“911 how can I help you?”
“My car has been stolen and my baby is in it!” shrieks a hysterical mother.
So begins yet another example of the tragedy that can happen when children are left unattended in a car. This well-meaning parent ran into the 7-11 to grab something and left the car running for heat or air conditioning for the sleeping infant inside. Thinking to themselves, “I can still see my car,” these oblivious parents have no idea that a car thief can also see the running car, but not necessarily the baby inside.
The car thief jumps in, races off and parents are left frantically calling 911 and wondering what will happen next. Will the thief leave the car behind once he discovers the baby? Or will he just dump the child on the side of the road, car seat and all? Perhaps the thief is so doped up he will not even notice there is a child in the car to begin with.
Or a parent leaves a child in car on a warm day, thinking “I’ll only be inside for a minute and she is sleeping.” Then he gets caught up on a phone call and suddenly realizes it has been over an hour and the warm day has resulted in heatstroke for a captive infant who can’t escape a car seat.
Perhaps it’s the parents who leave two rambunctious youngsters alone while they run into the local mall for a quick purchase return. The kids get to bouncing around in the van, suddenly knock it into gear and it rolls into another car.
These are all very real scenarios that happen around the country on daily basis. Parents who are more concerned with convenience than safety do not understand how fast their children can be put into danger when left unattended in a vehicle. Is it thoughtlessness? Naivety? Lack of concern for their children’s safety? Or just plain stupidity?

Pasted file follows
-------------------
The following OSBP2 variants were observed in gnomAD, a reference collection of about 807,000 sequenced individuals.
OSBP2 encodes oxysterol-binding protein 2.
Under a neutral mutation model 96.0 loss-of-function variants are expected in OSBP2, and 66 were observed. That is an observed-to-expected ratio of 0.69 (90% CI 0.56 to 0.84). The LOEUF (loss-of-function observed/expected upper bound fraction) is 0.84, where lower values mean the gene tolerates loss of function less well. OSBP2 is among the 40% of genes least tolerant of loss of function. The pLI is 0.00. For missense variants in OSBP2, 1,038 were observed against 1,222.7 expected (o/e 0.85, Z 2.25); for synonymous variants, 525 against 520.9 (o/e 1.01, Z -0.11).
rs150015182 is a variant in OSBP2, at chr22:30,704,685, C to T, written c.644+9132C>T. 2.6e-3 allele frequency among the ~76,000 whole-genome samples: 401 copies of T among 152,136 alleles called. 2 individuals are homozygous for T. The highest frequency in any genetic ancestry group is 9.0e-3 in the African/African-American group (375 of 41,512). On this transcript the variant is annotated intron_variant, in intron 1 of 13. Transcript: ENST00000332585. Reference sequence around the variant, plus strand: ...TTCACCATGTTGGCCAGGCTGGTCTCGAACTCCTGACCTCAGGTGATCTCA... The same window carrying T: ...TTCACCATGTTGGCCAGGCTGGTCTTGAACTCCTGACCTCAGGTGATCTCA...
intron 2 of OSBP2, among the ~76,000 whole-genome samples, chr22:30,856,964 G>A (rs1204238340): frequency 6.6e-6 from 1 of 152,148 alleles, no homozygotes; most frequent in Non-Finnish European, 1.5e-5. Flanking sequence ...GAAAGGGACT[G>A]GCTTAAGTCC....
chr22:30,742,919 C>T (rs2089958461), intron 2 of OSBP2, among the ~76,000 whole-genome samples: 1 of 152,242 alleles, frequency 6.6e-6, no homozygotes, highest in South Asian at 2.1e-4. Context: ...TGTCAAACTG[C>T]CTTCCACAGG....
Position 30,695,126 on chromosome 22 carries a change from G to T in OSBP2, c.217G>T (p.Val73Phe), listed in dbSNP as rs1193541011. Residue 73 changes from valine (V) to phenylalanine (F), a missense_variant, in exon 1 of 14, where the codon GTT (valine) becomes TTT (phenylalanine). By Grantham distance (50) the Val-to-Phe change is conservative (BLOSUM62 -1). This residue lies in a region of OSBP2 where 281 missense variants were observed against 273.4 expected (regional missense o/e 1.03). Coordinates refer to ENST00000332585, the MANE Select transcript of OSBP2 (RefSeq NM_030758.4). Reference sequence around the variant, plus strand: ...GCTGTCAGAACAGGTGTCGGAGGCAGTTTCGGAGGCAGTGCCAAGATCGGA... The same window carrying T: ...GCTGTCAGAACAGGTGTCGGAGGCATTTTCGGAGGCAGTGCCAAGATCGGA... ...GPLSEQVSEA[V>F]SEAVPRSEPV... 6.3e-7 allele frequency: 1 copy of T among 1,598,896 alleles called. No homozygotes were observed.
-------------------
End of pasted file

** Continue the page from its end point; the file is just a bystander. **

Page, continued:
When police arrive on scene to a child found alone in a vehicle, they are faced with determining if a crime has actually been committed. Was this a criminal act or just a case of parents not thinking clearly? Should the parents be cited? Should child protective services be called? Do parents deserve to be punished for the possibility they put their child in danger?
Many would say emphatically yes. They believe that when parents put convenience ahead of safety they should face the full range of punishments. After all, it is a parent’s job to protect their children, and leaving them alone in a vehicle could be thought of as intentionally subjecting their child to harm.
Other parents believe that, in the majority of cases, children are perfectly safe when left alone in a vehicle. Yes, scary things can happen, but that can be said of many situations their child will face throughout his life. This group would argue that leaving a screaming 5-year-old alone in a car to grab a gallon of milk from the store is better for everyone involved. In their reasoning leaving a child in a car as more along the lines of like texting and driving; yes, everyone admits it is not safe, but it only matters if you crash.
The biggest question is why any parent risk a child’s safety just for the convenience of not having to wake her to take them into the house. Or because they don’t want to deal with a public tantrum? While for those parents the benefits outweigh the costs, in the long run it will be up to society to determine if this kind of thinking is considered child abuse or just stupidity. While stupidity cannot be legislated, intentionally subjecting a child to harm can be. And what could be more intentional than leaving a child alone in a car?